Background: High sound pressure levels may be harmful to the maturing newborn. Current guidelines suggest that the sound pressure levels within a neonatal intensive care unit should not exceed 45 dB(A). It is likely that environmental noise as well as the noise generated by the incubator fan and respiratory equipment may contribute to the total sound pressure levels. Knowledge of the contribution of each component and source is important to develop effective strategies to reduce noise within the incubator.
Aims: The objectives of this study were to determine the sound levels, sound spectra, and major sources of sound within a modern neonatal incubator (Giraffe Omnibed; GE Healthcare, Helsinki, Finland) using a sound simulation study to replicate the conditions of a preterm infant undergoing high-frequency jet ventilation (Life Pulse, Bunnell, UT).
Methods: Using advanced sound data acquisition and signal processing equipment, we measured and analyzed the sound level at a dummy infant's ear and at the head level outside the enclosure. The sound data time histories were digitally acquired and processed using a digital Fast Fourier Transform algorithm to provide spectra of the sound and cumulative sound pressure levels (dBA). The simulation was done with the incubator cooling fan and ventilator switched on or off. In addition, tests were carried out with the enclosure sides closed and hood down and then with the enclosure sides open and the hood up to determine the importance of interior incubator reverberance on the interior sound levels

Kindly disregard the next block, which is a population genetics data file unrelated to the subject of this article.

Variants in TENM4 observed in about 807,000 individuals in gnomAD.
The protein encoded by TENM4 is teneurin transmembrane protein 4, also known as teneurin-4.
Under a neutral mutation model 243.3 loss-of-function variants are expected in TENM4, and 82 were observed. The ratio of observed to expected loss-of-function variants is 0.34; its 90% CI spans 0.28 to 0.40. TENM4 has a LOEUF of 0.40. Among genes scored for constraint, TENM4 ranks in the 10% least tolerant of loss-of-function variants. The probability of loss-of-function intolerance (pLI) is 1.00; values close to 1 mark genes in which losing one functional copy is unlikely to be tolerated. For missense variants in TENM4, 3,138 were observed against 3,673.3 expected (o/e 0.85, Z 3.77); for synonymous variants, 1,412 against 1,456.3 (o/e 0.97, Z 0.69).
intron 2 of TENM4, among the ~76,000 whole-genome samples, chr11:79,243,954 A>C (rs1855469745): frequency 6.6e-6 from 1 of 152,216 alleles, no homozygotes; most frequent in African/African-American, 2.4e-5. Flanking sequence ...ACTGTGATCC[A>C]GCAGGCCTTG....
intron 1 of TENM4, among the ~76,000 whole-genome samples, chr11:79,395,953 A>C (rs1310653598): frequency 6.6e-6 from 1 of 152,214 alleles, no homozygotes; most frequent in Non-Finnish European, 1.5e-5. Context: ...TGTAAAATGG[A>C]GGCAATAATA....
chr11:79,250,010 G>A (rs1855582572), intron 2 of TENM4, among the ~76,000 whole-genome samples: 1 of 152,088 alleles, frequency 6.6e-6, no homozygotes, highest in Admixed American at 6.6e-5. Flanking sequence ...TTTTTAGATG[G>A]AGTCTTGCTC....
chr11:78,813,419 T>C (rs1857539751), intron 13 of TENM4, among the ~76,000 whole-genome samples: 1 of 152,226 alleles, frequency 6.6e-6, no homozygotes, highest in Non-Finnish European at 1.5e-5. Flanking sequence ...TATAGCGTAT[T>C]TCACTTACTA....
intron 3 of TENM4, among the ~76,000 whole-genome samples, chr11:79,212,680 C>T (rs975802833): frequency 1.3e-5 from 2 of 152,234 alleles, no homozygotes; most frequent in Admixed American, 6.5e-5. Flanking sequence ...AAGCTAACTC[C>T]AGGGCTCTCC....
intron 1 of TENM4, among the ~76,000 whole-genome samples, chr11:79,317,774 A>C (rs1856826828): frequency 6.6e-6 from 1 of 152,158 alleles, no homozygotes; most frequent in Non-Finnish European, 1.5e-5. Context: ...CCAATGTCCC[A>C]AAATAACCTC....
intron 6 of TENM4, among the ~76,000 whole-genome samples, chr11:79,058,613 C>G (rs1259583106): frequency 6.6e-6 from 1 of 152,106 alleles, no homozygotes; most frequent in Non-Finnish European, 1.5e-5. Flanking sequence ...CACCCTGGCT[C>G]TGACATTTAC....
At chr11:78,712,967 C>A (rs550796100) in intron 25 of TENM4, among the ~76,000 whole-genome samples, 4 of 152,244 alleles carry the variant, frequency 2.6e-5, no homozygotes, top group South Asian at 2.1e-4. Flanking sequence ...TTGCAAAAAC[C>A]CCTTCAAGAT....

Results: With all the equipment off and the hood down, the sound pressure levels were 53 dB(A) inside the incubator. The sound pressure levels increased to 68 dB(A) with all equipment switched on (approximately 10 times louder than recommended). The sound intensity was 6.0 × 10(-8) watts/m(2); this sound level is roughly comparable with that generated by a kitchen exhaust fan on high. Turning the ventilator off reduced the overall sound pressure levels to 64 dB(A) and the sound pressure levels in the low-frequency band of 0 to 100 Hz were reduced by 10 dB(A). The incubator fan generated tones at 200, 400, and 600 Hz that raised the sound level by approximately 2 dB(A)-3 dB(A). Opening the enclosure (with all equipment turned on) reduced the sound levels above 50 Hz by reducing the revereberance within the enclosure.
Conclusion: The sound levels, especially at low frequencies, within a modern incubator may reach levels that are likely to be harmful to the developing newborn. Much of the noise is at low frequencies and thus difficult to reduce by conventional means. Therefore, advanced forms of noise control are needed to address this issue.